Elite 10 Girls Player of the Year: Team-first mentality drives Harpursville's Miranda Drummond

Elite 10 Girls Player of the Year: Team-first mentality drives Harpursville's Miranda Drummond


Elite 10 Girls Player of the Year: Team-first mentality drives Harpursville's Miranda Drummond


Miranda Drummond scored 1,930 points in her career, was on the winning side in 87 of 95 games at Harpursville and celebrated three Section 4 Class C championships.

The defining moments of her four-year varsity career, however, came when few people were looking.

Moments such as sprinting up and down the court for layups during water breaks in practice, giving advice to teammates and dealing with whatever challenges came her way in a first-class manner.

Throw in an extraordinary aptitude for basketball and you have a repeat selection as the Elite 10 Girls Basketball Player of the Year, as picked by the sports staffs at the Binghamton Press & Sun-Bulletin, Elmira Star-Gazette and The Ithaca Journal.

“She’s done a lot for us,” Harpursville coach Kurt Ehrensbeck said. “She really kept the momentum going that some of the players before her established. She saw their work ethic and the rewards of that and she jumped right on the train, so to speak. She’s worked extremely hard to enhance the talent she has. She put in a ton of time to become a very good ball player. The kids around her see that and it’s infectious.”

Drummond, 18, ended up third on the school’s all-time list behind 2,000-point sisters Hannah and Lindsay Kimmel.

Her numbers this season included averages of 26.3 points, 11.3 rebounds and 4 assists per game for a Hornets team that finished 23-1 and advanced to the Class C state semifinals. The 6-foot guard/forward connected on 44 3-pointers and was a defensive force, blocking 48 shots and averaging 2.2 steals.

She averaged 31.7 points during Harpursville’s four sectional games and two state tournament contests.

“The thing that impressed me was the way she elevated her game the last four weeks of the season,” Ehrensbeck said. “She took everything to just a different level.”

Said Drummond: “I just took each game one step at a time. I wasn’t looking forward to the next game or who we would be playing. I just focused on that team.”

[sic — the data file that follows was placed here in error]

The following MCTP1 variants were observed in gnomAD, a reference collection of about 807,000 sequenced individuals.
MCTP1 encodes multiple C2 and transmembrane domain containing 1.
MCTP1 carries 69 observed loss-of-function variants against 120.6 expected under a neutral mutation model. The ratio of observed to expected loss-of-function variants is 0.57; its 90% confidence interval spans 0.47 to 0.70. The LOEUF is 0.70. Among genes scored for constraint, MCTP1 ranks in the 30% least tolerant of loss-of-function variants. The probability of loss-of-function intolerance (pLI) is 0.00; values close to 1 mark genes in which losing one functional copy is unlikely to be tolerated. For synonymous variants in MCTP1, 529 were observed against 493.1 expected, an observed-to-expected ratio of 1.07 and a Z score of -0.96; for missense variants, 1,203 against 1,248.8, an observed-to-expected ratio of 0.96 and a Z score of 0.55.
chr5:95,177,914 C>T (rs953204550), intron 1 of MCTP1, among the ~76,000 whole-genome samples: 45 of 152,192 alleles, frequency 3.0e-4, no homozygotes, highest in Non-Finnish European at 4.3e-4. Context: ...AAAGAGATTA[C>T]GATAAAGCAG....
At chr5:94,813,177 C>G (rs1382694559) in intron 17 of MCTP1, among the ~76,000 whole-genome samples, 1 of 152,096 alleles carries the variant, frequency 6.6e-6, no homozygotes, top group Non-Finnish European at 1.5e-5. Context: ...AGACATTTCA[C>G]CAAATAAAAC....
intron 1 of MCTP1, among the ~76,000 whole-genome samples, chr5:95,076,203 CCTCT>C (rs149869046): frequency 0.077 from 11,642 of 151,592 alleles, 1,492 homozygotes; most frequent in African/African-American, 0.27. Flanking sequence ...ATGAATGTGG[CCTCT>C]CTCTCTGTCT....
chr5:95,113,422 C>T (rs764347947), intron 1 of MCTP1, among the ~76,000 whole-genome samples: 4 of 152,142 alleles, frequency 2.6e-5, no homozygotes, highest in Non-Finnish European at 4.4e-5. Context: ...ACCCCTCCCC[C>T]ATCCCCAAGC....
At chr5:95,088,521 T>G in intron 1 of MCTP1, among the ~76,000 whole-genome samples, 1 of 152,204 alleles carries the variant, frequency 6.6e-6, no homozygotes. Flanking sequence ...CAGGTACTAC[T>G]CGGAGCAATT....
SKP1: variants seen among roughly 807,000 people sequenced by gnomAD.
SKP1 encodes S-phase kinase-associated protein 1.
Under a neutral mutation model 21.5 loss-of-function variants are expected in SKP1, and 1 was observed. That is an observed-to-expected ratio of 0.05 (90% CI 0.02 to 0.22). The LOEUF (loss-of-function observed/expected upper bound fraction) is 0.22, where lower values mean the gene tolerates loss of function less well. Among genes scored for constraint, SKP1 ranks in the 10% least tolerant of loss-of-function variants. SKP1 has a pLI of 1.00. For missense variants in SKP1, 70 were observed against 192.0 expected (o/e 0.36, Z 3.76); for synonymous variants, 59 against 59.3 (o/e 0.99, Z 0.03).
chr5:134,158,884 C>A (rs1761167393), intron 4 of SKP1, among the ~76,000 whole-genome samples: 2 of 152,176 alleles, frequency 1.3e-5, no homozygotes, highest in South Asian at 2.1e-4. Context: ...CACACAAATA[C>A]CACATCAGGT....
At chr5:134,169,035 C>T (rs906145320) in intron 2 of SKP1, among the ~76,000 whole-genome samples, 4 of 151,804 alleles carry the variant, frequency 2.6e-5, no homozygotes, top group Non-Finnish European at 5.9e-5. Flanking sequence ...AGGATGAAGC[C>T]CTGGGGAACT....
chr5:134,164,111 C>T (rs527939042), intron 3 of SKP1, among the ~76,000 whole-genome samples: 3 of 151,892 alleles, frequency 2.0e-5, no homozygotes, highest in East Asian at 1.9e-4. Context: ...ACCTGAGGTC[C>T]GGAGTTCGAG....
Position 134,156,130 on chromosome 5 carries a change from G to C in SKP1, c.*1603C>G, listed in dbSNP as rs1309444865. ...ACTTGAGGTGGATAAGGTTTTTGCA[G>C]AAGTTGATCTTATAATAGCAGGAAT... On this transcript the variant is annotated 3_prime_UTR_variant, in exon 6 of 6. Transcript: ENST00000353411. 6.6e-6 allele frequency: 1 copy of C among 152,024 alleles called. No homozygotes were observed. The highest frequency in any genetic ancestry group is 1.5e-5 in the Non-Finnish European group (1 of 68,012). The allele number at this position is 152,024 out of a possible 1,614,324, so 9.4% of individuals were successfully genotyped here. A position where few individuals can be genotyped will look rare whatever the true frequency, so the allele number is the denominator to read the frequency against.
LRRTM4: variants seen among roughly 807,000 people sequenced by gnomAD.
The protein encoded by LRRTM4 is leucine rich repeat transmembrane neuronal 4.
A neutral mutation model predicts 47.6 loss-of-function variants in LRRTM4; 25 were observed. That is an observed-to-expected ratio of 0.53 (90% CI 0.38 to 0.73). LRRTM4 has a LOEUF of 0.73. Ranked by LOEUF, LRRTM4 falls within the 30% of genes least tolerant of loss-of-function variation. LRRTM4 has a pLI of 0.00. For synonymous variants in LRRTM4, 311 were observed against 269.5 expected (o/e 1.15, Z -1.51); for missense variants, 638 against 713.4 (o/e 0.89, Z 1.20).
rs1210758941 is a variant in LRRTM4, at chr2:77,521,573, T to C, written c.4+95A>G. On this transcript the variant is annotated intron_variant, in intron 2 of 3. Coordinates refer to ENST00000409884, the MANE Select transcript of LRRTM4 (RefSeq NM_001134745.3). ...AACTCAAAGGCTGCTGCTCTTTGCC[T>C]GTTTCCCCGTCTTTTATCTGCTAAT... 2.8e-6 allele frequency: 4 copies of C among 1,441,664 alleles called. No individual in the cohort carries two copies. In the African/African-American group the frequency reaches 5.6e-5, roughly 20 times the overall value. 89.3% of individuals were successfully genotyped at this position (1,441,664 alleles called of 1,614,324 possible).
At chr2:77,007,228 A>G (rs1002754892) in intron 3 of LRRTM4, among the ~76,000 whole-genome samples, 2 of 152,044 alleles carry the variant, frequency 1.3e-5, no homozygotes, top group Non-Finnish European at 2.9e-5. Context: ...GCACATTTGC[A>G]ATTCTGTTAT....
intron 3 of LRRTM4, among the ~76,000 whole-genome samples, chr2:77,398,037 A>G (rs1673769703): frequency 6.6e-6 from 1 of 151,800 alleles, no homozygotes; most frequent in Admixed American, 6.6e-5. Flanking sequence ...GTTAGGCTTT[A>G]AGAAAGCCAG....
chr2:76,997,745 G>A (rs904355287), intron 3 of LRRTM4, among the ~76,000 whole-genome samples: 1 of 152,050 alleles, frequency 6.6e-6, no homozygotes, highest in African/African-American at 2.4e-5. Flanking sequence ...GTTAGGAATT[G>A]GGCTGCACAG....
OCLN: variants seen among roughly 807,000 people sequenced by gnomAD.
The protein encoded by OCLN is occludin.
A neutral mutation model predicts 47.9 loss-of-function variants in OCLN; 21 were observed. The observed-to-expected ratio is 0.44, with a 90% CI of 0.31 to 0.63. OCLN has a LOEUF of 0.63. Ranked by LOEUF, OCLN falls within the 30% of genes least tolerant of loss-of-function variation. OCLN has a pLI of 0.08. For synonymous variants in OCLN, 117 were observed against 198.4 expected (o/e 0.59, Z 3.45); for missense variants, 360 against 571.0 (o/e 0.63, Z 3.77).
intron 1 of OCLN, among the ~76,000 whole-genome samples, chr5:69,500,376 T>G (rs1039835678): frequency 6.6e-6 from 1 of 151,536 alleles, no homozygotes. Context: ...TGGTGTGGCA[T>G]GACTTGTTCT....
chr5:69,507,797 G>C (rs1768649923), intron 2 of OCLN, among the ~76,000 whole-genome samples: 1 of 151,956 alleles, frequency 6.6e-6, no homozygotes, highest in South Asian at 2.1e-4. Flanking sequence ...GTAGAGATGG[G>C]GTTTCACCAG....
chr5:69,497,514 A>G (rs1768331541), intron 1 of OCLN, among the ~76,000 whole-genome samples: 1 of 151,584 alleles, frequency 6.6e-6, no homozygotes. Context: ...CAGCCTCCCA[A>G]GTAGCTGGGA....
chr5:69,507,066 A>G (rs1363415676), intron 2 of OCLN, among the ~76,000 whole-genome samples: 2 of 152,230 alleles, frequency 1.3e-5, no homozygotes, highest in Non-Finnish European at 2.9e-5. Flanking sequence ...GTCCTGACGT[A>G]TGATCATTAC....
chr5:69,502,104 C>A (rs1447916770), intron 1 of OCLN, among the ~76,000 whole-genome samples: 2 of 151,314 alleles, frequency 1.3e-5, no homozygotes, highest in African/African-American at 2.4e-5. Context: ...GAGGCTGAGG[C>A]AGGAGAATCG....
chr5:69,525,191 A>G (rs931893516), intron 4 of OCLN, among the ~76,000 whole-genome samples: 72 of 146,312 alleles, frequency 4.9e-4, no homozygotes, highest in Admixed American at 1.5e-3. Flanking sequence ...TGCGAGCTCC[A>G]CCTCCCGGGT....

Drummond came up shy of a state title — losing twice in the finals before this year’s semifinal loss — and she said she was upset she fell short of 2,000 career points. There was little else to complain about, though, especially with this season’s group surprising even its coach by advancing to the final four after losing three starters to graduation.

“Every year a different group comes up,” Drummond said. “We’ve never been closer any other year that we have been this year. We had maybe five team sleepovers. I just loved it.”

Her teammates had a blast playing with her as well.

“It’s always good to have somebody you can look up to when you’re playing on the court and someone you can trust when you’re playing,” said junior Shelby Medovich. “If we ever needed help with something in practice, she was the first one to come up and help you. Or if you’re doing something wrong, she’ll tell you how to correct what you’re doing.”

Ehrensbeck said he was particularly impressed by how Drummond handled the constant attention from opposing defenses, rarely getting frustrated and instead just trying to find another way to help her team score.

“She just trusted us and how we managed to go so far is other people stepped up when she was double-teamed or triple-teamed,” Medovich said.

The defensive attention got to the point that it became the norm for Drummond, the daughter of Vinny and Diane Drummond and younger sister of brother Alex, 19.

“It doesn’t really bother me because I’ve been dealing with it since I was in 10th grade,” she said. “After the games Mr. (Ehrensbeck) points it out, saying I was double-teamed. I don’t even notice I’m double-teamed now because I’m so used to it.”

Ehrensbeck said Drummond has a great understanding of what he calls “the switch.” When game time rolls around, she turns it on and becomes the ultra-competitive player who will do whatever she can to help her team win.

“A lot of times what you see is the passion and the fire and intensity,” Ehrensbeck said. “But she’s a super nice kid and after the game she’s just a normal kid. She’ll sit there and joke around with friends and laugh and do silly stuff.”

Elmira Notre Dame girls coach Maurice Rankins had a chance to help coach Drummond during the Basketball Coaches Association of New York Summer Hoops Festival and saw Drummond volunteer to defend Saniya Chong, New York state’s fourth-leading career scorer among girls and now a freshman at UConn.

“She’s a student of the game, but more importantly she respects the game,” Rankins said. “What’s also good about her is she’s not scared to play against other talented players. She won’t run away from them.”

Drummond will join Oneonta senior Mariah Ruff on the St. Bonaventure University women’s team next season. They had a chance recently to team up during the Stars & Stripes Basketball Tournament at Davis College in Johnson City.

Drummond has continued to work on ballhandling, which she said remains the weakest part of her game, and she will practice with an AAU team as she gets set for summer classes at St. Bonaventure in late June.

“From here on out she’s probably not going to be triple-teamed every time she has the ball,” Ehrensbeck said. “She’ll be able to get more in the flow at that level. If she keeps working hard, good things are going to happen.”


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